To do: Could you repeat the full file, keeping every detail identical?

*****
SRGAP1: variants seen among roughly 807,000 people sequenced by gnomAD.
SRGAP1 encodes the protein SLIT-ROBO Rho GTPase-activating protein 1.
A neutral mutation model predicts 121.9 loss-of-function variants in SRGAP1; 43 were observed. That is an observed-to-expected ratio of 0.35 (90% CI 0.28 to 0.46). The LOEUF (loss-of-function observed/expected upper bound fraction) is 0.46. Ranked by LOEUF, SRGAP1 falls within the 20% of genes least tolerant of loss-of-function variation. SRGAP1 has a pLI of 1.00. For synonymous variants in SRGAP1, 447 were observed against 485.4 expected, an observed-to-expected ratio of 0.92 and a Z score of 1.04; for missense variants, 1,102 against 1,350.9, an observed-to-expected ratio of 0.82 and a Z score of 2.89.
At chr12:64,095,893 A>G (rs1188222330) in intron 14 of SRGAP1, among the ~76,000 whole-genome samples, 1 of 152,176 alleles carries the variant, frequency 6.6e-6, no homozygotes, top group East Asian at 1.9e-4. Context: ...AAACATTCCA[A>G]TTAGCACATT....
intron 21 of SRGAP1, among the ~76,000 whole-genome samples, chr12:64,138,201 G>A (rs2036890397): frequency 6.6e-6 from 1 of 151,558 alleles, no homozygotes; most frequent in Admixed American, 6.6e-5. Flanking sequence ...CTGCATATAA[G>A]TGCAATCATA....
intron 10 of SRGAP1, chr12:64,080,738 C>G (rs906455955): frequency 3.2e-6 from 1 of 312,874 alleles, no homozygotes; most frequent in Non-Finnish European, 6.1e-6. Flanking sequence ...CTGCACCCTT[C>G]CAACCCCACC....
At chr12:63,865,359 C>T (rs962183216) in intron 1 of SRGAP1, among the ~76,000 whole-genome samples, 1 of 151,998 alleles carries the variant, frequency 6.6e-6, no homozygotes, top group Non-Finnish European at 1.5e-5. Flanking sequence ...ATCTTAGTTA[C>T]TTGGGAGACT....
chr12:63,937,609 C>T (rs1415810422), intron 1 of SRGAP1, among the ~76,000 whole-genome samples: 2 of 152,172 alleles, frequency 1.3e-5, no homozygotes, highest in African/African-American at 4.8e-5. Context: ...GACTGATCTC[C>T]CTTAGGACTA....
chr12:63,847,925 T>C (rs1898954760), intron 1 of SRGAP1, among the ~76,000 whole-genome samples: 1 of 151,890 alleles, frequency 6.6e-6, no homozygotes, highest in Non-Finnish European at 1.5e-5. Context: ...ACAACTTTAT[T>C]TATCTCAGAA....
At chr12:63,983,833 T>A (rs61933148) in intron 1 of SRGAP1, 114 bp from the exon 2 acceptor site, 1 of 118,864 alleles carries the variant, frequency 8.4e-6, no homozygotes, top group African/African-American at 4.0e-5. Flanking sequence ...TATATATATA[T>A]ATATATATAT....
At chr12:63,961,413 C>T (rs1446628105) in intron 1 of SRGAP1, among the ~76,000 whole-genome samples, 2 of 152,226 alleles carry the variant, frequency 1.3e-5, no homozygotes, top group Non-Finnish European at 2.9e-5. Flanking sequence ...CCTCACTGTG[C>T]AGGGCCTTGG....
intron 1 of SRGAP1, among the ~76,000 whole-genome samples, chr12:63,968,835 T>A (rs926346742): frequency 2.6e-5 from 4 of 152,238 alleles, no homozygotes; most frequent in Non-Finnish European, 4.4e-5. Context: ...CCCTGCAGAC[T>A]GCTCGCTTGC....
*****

SRGAP1: variants seen among roughly 807,000 people sequenced by gnomAD.
SRGAP1 encodes the protein SLIT-ROBO Rho GTPase-activating protein 1.
A neutral mutation model predicts 121.9 loss-of-function variants in SRGAP1; 43 were observed. That is an observed-to-expected ratio of 0.35 (90% CI 0.28 to 0.46). The LOEUF (loss-of-function observed/expected upper bound fraction) is 0.46. Ranked by LOEUF, SRGAP1 falls within the 20% of genes least tolerant of loss-of-function variation. SRGAP1 has a pLI of 1.00. For synonymous variants in SRGAP1, 447 were observed against 485.4 expected, an observed-to-expected ratio of 0.92 and a Z score of 1.04; for missense variants, 1,102 against 1,350.9, an observed-to-expected ratio of 0.82 and a Z score of 2.89.
At chr12:64,095,893 A>G (rs1188222330) in intron 14 of SRGAP1, among the ~76,000 whole-genome samples, 1 of 152,176 alleles carries the variant, frequency 6.6e-6, no homozygotes, top group East Asian at 1.9e-4. Context: ...AAACATTCCA[A>G]TTAGCACATT....
intron 21 of SRGAP1, among the ~76,000 whole-genome samples, chr12:64,138,201 G>A (rs2036890397): frequency 6.6e-6 from 1 of 151,558 alleles, no homozygotes; most frequent in Admixed American, 6.6e-5. Flanking sequence ...CTGCATATAA[G>A]TGCAATCATA....
intron 10 of SRGAP1, chr12:64,080,738 C>G (rs906455955): frequency 3.2e-6 from 1 of 312,874 alleles, no homozygotes; most frequent in Non-Finnish European, 6.1e-6. Flanking sequence ...CTGCACCCTT[C>G]CAACCCCACC....
At chr12:63,865,359 C>T (rs962183216) in intron 1 of SRGAP1, among the ~76,000 whole-genome samples, 1 of 151,998 alleles carries the variant, frequency 6.6e-6, no homozygotes, top group Non-Finnish European at 1.5e-5. Flanking sequence ...ATCTTAGTTA[C>T]TTGGGAGACT....
chr12:63,937,609 C>T (rs1415810422), intron 1 of SRGAP1, among the ~76,000 whole-genome samples: 2 of 152,172 alleles, frequency 1.3e-5, no homozygotes, highest in African/African-American at 4.8e-5. Context: ...GACTGATCTC[C>T]CTTAGGACTA....
chr12:63,847,925 T>C (rs1898954760), intron 1 of SRGAP1, among the ~76,000 whole-genome samples: 1 of 151,890 alleles, frequency 6.6e-6, no homozygotes, highest in Non-Finnish European at 1.5e-5. Context: ...ACAACTTTAT[T>C]TATCTCAGAA....
At chr12:63,983,833 T>A (rs61933148) in intron 1 of SRGAP1, 114 bp from the exon 2 acceptor site, 1 of 118,864 alleles carries the variant, frequency 8.4e-6, no homozygotes, top group African/African-American at 4.0e-5. Flanking sequence ...TATATATATA[T>A]ATATATATAT....
At chr12:63,961,413 C>T (rs1446628105) in intron 1 of SRGAP1, among the ~76,000 whole-genome samples, 2 of 152,226 alleles carry the variant, frequency 1.3e-5, no homozygotes, top group Non-Finnish European at 2.9e-5. Flanking sequence ...CCTCACTGTG[C>T]AGGGCCTTGG....
intron 1 of SRGAP1, among the ~76,000 whole-genome samples, chr12:63,968,835 T>A (rs926346742): frequency 2.6e-5 from 4 of 152,238 alleles, no homozygotes; most frequent in Non-Finnish European, 4.4e-5. Context: ...CCCTGCAGAC[T>A]GCTCGCTTGC....